You’ve likely heard the term “Marginal Tax Rate” a number of times (I’ve even dropped it previously on this blog), and wondered what it meant.
By definition: your marginal tax rate is defined as “the rate of tax on your last dollar of income”.
Because in Canada, there’s no flat income tax rate across all ranges of incomes your marginal tax rate will vary depending on what your salary is, and what province you live in.
It’s a somewhat complicated calculation, but thankfully there’s many tools out there to help you. Ernst & Young’s 2009 Personal tax calculator is a great resource (among many others on their site).
So why is knowing your marginal tax rate important? Well, one applcation relates to my RRSP articles from last week: If you withdraw funds from your RRSP without taking advantage of a program like the Homebuyer’s Plan, or the Lifelong Learning Plan, these funds are taxed as income at your marginal tax rate.
Now to an example!
Let’s say that I live in Quebec, earn $59,000 per year, and am considering withdrawing some money from my RRSP to buy a boat. Before I do this, I should find out what my marginal tax rate is to see if this is really a good idea.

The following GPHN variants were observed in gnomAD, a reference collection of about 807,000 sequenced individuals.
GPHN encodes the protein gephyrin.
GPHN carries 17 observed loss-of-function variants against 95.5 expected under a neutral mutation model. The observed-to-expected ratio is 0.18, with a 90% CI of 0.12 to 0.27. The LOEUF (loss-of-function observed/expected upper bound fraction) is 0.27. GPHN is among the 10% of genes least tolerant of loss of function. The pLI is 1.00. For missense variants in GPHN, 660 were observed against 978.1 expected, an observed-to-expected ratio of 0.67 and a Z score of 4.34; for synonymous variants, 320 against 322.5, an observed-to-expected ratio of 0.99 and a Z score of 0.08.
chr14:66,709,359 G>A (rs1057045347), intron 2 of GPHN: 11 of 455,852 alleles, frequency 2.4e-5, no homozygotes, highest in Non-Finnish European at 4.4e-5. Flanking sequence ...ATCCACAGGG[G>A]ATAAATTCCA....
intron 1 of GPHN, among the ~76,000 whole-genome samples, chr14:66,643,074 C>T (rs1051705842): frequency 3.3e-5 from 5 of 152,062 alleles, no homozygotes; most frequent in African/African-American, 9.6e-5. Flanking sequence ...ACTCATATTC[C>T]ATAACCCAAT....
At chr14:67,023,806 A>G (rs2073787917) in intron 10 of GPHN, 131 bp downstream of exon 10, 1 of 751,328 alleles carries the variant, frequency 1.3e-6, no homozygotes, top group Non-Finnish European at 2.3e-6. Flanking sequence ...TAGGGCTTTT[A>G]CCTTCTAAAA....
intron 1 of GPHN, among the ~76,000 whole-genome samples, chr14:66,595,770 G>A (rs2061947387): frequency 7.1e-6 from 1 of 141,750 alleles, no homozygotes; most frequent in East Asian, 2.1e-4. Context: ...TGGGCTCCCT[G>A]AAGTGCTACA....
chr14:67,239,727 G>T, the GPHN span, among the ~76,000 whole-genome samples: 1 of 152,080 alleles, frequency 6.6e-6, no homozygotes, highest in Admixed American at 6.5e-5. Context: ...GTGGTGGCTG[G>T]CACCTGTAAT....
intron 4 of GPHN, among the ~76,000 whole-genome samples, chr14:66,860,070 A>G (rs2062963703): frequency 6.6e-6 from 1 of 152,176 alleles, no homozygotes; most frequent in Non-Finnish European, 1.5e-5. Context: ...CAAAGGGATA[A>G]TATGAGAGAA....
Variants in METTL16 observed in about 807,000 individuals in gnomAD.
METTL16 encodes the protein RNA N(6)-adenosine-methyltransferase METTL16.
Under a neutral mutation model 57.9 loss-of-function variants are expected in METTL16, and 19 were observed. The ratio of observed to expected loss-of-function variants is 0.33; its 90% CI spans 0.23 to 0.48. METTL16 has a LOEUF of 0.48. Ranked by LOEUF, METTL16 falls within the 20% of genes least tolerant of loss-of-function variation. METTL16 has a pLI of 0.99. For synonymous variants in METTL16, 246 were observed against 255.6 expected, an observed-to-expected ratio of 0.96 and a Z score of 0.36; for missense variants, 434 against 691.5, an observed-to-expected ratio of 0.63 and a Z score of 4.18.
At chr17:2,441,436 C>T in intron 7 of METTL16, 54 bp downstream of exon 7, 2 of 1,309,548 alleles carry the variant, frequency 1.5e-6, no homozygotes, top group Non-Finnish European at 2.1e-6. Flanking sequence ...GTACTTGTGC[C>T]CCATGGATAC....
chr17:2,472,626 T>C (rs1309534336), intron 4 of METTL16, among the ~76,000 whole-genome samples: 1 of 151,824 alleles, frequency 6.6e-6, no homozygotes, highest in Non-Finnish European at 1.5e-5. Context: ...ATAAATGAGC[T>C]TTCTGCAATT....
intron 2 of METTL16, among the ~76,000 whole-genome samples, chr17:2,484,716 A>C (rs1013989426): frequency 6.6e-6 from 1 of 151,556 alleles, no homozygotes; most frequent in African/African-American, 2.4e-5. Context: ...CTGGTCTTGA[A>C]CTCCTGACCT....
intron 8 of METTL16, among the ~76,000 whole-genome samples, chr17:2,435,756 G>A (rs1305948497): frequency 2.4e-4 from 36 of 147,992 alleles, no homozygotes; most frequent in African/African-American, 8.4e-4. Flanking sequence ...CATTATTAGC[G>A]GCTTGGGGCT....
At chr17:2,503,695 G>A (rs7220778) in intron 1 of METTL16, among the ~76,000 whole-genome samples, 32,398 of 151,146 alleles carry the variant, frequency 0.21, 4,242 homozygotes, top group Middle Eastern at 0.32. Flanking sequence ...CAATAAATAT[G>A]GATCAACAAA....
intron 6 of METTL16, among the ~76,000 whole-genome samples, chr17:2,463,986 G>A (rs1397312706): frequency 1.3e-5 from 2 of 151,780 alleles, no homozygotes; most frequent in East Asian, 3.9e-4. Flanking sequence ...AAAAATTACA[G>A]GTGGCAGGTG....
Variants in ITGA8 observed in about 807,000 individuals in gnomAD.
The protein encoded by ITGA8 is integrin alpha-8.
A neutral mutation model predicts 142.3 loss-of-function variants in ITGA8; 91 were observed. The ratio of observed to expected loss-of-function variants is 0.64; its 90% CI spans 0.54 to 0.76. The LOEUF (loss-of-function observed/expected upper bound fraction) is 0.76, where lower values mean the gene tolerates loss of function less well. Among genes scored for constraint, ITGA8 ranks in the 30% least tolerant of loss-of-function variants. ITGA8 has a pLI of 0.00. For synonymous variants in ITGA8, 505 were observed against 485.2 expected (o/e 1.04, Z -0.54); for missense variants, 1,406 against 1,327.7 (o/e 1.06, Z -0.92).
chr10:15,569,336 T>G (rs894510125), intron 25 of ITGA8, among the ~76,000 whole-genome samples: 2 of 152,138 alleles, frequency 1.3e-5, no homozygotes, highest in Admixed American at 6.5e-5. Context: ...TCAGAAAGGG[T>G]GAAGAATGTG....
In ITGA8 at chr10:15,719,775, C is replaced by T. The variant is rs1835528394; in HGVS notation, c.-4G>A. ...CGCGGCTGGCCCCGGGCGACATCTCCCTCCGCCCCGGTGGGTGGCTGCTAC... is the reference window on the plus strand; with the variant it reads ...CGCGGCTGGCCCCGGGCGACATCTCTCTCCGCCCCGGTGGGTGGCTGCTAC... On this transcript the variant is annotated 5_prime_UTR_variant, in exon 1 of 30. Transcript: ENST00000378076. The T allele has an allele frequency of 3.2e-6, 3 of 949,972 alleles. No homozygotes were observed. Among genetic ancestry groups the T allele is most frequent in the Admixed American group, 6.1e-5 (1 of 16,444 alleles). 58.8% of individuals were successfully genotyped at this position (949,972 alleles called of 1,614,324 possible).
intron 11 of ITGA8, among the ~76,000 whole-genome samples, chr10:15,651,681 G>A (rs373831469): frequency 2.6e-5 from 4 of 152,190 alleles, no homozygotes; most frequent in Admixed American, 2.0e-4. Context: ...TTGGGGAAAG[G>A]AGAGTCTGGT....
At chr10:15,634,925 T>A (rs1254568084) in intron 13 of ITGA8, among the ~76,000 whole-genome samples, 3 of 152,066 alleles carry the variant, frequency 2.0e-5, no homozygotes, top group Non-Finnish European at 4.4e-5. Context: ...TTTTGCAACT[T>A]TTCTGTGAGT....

I visit the calculator, plug in my salary, hit Calculate and find that my marginal tax rate is a whopping 38.37%!
The boat I want to purchase costs $15,000. (It’s a nice boat) Keeping in mind that I’ll have to pay 38.37% tax on my withdrawl, I calculate:
B = the amount I need to withdraw to buy my boat
B – 38.37% = $15,000
B – (B * 0.3837) = $15,000
0.6163 B = $15,000
B = $15,000 / 0.6163
B = $24,338.80
Note: Hopefully I didn’t lose anyone here, but I know that not everyone is mathematically inclined. If you’d like a nice formula for doing this calculation it’s:
If I withdraw money from my RRSP to buy my $15,000 boat, it’s going to end up costing me $24,338.80! This is likely a very bad idea, and I should probably just save the money and buy my boat next summer instead.
But now I know the implications of withdrawing funds from an RRSP!…